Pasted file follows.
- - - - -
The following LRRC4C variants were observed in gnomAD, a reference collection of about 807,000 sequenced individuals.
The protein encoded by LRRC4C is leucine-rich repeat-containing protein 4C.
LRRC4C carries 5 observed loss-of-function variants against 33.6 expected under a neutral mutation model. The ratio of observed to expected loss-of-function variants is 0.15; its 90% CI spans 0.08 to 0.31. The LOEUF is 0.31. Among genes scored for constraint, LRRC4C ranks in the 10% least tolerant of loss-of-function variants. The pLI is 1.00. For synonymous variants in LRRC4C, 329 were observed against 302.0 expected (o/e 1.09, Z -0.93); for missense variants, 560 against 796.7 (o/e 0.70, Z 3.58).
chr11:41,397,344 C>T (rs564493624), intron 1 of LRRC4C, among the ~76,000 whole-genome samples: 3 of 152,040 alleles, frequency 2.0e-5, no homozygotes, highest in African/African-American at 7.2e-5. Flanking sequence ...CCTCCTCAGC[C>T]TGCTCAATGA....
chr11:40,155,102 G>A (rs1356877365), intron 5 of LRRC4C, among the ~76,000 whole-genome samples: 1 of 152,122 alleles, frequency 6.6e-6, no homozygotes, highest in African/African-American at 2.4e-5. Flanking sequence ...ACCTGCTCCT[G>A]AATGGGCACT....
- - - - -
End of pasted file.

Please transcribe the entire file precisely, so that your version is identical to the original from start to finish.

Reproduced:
The following LRRC4C variants were observed in gnomAD, a reference collection of about 807,000 sequenced individuals.
The protein encoded by LRRC4C is leucine-rich repeat-containing protein 4C.
LRRC4C carries 5 observed loss-of-function variants against 33.6 expected under a neutral mutation model. The ratio of observed to expected loss-of-function variants is 0.15; its 90% CI spans 0.08 to 0.31. The LOEUF is 0.31. Among genes scored for constraint, LRRC4C ranks in the 10% least tolerant of loss-of-function variants. The pLI is 1.00. For synonymous variants in LRRC4C, 329 were observed against 302.0 expected (o/e 1.09, Z -0.93); for missense variants, 560 against 796.7 (o/e 0.70, Z 3.58).
chr11:41,397,344 C>T (rs564493624), intron 1 of LRRC4C, among the ~76,000 whole-genome samples: 3 of 152,040 alleles, frequency 2.0e-5, no homozygotes, highest in African/African-American at 7.2e-5. Flanking sequence ...CCTCCTCAGC[C>T]TGCTCAATGA....
chr11:40,155,102 G>A (rs1356877365), intron 5 of LRRC4C, among the ~76,000 whole-genome samples: 1 of 152,122 alleles, frequency 6.6e-6, no homozygotes, highest in African/African-American at 2.4e-5. Flanking sequence ...ACCTGCTCCT[G>A]AATGGGCACT....